In 2011, the U.S. reached another record-low auto fatality rate, but the drop in deaths hasn’t been even across the board. In 2010, for example, pedestrian fatalities actually ticked up 1 percent, and in 2011, the rate jumped 3 percent.
Perhaps more troubling — especially if you’re a guy — is a new study showing that men are more likely to die as a result of pedestrian accidents than women.
The study was led by Dr. Motao Zhu of the Department of Epidemiology and Injury Control Research Center at West Virginia University. Dr. Zhu and his colleagues were inspired by a curious fact.
Pedestrians account for a third of the 1.2 million traffic fatalities annually worldwide, and men are overrepresented. We examined the factors that contribute to this male-female discrepancy: walking exposure (kilometres walked per person-year), vehicle-pedestrian collision risk (number of collisions per kilometres walked) and vehicle-pedestrian collision case fatality rate (number of deaths per collision).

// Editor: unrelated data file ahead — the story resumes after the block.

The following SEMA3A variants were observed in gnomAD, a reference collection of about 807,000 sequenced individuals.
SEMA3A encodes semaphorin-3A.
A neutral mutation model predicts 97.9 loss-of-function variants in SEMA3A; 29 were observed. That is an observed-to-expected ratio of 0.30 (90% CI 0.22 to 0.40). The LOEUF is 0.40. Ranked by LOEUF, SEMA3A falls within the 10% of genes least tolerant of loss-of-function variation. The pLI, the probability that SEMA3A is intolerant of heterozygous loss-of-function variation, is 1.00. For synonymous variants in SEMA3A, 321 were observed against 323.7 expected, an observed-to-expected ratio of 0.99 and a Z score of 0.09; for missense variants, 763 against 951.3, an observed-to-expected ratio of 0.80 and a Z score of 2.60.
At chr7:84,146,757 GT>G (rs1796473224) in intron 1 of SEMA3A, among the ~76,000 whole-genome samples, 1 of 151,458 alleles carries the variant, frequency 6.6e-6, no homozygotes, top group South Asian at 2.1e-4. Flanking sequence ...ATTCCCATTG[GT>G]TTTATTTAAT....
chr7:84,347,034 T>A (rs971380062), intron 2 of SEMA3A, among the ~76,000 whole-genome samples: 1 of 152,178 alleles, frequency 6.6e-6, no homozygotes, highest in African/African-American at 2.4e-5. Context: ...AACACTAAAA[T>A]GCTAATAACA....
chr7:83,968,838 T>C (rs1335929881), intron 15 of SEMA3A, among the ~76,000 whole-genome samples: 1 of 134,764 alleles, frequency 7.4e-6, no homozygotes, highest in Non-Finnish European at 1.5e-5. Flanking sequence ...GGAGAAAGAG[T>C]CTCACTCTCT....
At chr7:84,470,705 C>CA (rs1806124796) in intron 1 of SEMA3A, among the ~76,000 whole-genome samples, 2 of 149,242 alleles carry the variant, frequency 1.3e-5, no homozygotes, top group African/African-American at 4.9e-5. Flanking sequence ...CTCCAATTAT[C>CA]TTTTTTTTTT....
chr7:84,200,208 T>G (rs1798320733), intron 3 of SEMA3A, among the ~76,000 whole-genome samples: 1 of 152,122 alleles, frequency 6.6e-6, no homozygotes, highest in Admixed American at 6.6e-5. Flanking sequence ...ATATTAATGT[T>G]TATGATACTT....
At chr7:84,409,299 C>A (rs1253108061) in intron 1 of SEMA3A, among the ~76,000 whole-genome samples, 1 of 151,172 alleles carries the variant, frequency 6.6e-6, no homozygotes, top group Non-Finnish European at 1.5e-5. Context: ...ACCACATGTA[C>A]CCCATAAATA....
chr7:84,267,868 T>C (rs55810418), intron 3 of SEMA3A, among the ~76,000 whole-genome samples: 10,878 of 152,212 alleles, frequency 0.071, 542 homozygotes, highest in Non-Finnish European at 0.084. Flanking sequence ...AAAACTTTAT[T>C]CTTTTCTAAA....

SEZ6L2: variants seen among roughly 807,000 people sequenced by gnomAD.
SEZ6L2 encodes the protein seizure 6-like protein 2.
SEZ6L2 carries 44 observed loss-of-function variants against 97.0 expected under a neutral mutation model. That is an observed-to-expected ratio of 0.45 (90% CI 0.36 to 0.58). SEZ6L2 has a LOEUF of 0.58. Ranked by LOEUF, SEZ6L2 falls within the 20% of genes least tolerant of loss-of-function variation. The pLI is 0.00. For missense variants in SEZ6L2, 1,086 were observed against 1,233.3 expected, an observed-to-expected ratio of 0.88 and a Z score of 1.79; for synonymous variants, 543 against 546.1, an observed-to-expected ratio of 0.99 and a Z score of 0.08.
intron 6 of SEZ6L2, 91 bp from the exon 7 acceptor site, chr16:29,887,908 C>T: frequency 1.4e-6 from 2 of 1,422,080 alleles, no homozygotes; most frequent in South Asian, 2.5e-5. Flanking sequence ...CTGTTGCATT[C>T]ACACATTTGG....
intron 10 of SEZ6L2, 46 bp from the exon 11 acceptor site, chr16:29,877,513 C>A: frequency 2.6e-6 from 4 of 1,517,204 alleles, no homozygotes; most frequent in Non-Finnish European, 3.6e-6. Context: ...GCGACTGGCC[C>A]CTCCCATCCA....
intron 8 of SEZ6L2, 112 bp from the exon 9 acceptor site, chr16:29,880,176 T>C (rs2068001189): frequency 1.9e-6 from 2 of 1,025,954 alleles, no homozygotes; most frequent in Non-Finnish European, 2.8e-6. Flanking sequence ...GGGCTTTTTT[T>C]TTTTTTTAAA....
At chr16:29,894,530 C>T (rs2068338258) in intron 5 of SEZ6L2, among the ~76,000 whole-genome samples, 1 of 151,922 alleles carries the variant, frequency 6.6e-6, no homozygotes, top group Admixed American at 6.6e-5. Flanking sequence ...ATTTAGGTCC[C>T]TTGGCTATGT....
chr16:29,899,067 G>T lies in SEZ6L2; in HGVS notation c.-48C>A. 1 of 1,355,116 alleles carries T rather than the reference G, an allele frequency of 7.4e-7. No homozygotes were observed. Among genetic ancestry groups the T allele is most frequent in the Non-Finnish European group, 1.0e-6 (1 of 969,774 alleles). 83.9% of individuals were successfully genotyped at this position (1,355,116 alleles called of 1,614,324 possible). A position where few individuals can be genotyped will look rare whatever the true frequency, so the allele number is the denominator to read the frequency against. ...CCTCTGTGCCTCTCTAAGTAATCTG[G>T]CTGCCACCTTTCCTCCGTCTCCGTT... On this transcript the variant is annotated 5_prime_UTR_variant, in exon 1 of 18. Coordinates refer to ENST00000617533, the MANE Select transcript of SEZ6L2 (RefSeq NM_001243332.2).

During the study, researchers examined pedestrian fatality rates in the U.S. for calendar years 2008 and 2009. In doing so, Dr. Zhu’s team found that the fatality rate for male pedestrians was 2.3 times higher than that of female pedestrians.
If men walked more often and traveled farther than women, the jump might be understandable, but Dr. Zhu and his colleagues discovered that men and women tend to walk about the same distances each year. Ultimately, the only reasonable conclusion that the researchers could draw was that men had a higher chance of dying in collisions than women.
As the New York Times reports, however, Dr. Zhu doesn’t fully understand why men are more likely to die that way. He suggests that men might be more prone to put themselves in dangerous situations, like crossing busy highways and walking while intoxicated. It’ll take further evaluation to explain the discrepancy.
In the meantime, automakers are working to reduce pedestrian injuries and fatalities with an array of new technologies. General Motors is taking the innovative approach of spotting pedestrians’ cell phone signals, while Volvo is relying on more traditional radar and infrared sensors to identify not just pedestrians, but also animals.
This article originally appeared on The Car Connection.